Review by Sean Bugg
Rating: (3 out of 5)
Wednesday, 10/20/2004, 7:00 PM
Shorts presentation, $9 at Lincoln Theatre
STRAIGHT-AND-NOT-so-straight men abound in Friends or Lovers, a series of shorts that explores the boundaries of hetero and homosexuality, and reveal two core truths. First, women who have three-ways to find out if their boyfriends like to take it up the butt are destined for some emotional trauma. Second, the best man at a wedding gets more sex than a overworked porn star.
But not all’s depressing or matrimonial (or both). In Ritchie’s Itch () a straight, bearish construction worker reveals to his co-worker and friend that he’s losing sleep over his recent dreams of hot homo-sex in the great outdoors. His friend’s screamingly inappropriate questions — “Did you screw a cow?” “Worse.” — and impromptu “gay test” in the alley thoroughly milked for laughs by the leads.
The Turning Circle () opens with one of the above-mentioned three-ways, immediately followed by an awkward please-don’t-tell moment between the male participants. Appropriately as boring and pointless as the awkward soul searching of conflicted twentysomethings after their first three-way. In L’Ultima Notte () a pretty French couple have a three-way with a hot Russian boy, during which the French boy enjoys the anal sex too much. Afterward, everybody cries. Well, except for the Russian boy — he gets paid.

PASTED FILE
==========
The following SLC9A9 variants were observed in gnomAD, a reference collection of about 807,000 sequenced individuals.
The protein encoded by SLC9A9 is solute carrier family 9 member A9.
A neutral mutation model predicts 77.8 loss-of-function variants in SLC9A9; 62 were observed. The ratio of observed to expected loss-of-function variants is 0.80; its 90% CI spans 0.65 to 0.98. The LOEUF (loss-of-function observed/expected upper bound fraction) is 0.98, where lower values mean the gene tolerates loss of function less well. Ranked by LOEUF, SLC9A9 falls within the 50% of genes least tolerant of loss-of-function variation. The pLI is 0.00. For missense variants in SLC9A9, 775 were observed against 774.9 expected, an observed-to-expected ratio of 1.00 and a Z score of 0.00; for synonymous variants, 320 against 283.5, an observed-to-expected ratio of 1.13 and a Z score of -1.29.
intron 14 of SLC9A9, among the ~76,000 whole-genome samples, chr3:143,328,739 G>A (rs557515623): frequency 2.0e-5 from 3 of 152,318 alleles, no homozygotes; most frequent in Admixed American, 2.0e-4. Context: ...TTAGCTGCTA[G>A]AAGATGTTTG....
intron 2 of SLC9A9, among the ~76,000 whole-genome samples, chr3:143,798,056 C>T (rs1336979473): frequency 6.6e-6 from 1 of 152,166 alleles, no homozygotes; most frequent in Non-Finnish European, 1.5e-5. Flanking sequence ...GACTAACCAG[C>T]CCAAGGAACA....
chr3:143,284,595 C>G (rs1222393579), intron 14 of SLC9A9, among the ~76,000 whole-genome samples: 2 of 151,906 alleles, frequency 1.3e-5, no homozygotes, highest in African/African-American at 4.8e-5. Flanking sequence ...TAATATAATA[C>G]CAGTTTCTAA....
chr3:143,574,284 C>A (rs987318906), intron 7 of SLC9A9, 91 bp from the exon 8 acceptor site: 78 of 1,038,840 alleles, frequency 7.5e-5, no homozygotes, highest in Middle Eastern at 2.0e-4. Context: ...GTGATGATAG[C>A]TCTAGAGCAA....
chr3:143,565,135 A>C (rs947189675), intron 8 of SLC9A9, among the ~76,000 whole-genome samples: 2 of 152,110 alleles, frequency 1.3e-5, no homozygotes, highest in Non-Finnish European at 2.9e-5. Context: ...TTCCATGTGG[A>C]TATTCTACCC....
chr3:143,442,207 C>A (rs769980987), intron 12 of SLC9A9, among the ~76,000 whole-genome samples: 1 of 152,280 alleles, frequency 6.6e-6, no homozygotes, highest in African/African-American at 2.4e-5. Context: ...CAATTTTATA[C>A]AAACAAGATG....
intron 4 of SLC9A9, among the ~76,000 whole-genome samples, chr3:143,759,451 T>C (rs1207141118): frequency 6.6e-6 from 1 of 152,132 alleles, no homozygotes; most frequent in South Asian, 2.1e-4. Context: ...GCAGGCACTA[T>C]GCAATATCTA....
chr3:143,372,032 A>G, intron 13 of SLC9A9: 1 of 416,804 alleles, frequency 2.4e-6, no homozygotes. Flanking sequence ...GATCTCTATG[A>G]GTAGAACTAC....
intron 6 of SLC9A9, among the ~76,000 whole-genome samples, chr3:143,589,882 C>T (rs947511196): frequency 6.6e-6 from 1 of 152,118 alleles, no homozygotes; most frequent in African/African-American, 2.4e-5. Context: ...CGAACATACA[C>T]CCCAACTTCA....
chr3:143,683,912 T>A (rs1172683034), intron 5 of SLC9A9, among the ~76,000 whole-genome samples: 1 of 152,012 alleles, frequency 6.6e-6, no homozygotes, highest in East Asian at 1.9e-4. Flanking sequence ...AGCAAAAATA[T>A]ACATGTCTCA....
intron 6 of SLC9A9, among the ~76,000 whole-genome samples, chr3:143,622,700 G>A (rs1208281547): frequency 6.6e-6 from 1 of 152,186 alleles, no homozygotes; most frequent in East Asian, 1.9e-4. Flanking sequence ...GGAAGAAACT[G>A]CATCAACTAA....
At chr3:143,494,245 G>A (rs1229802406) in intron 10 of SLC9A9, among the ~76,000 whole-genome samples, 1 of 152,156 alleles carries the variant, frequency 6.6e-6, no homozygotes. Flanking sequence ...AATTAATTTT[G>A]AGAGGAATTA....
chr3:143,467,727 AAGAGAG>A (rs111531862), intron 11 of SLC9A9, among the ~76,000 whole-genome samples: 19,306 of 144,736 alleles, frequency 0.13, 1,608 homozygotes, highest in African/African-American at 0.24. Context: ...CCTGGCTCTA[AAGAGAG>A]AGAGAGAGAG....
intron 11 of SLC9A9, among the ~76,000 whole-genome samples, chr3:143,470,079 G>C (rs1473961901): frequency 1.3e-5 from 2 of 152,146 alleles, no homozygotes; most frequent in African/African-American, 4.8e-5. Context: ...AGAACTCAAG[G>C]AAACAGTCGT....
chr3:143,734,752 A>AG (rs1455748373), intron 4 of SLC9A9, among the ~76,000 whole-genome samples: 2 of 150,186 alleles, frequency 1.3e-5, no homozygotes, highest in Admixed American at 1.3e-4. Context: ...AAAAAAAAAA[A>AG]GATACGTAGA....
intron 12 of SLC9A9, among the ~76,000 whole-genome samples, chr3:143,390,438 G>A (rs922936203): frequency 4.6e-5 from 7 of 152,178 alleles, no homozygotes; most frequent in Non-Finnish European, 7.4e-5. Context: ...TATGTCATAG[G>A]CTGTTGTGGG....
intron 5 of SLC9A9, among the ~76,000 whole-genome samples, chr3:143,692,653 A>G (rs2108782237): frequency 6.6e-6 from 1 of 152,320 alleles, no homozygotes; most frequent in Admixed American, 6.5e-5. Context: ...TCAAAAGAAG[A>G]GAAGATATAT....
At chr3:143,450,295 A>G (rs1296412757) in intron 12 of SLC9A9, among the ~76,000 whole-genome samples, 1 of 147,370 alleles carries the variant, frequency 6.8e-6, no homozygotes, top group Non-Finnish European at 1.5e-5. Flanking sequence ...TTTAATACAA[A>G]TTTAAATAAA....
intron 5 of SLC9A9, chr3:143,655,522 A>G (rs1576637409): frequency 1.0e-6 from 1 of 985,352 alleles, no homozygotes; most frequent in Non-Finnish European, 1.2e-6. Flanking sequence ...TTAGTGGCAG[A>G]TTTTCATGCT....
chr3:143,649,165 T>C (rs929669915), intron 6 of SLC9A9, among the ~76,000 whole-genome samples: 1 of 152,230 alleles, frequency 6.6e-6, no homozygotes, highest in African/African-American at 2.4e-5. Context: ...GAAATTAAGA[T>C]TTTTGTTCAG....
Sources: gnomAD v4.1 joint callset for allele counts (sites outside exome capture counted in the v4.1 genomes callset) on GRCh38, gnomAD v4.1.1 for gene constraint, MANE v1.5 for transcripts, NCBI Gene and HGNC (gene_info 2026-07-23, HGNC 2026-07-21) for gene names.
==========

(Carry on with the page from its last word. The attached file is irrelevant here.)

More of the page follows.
Straights and gays don’t just have three-ways — they go to the same weddings as well. In Stag Party () , a bride instructs the groom’s gay best man to make sure her man doesn’t fuck the stripper. Of course, the two men wake up naked in bed the next morning. Over in Spokane: My Brother’s Wedding () , the groom’s gay brother has a sometimes touching evening of exploration with the best man, although the mood is marred a bit by a boring sex scene that goes on and on, and then goes on some more.
W () is a little French sex farce with a not particularly revealing twist, but it’s all just as cute as a button. Presents () , on the other hand, is an excruciating exercise in heavy-handed and obvious writing that purports to be comedy.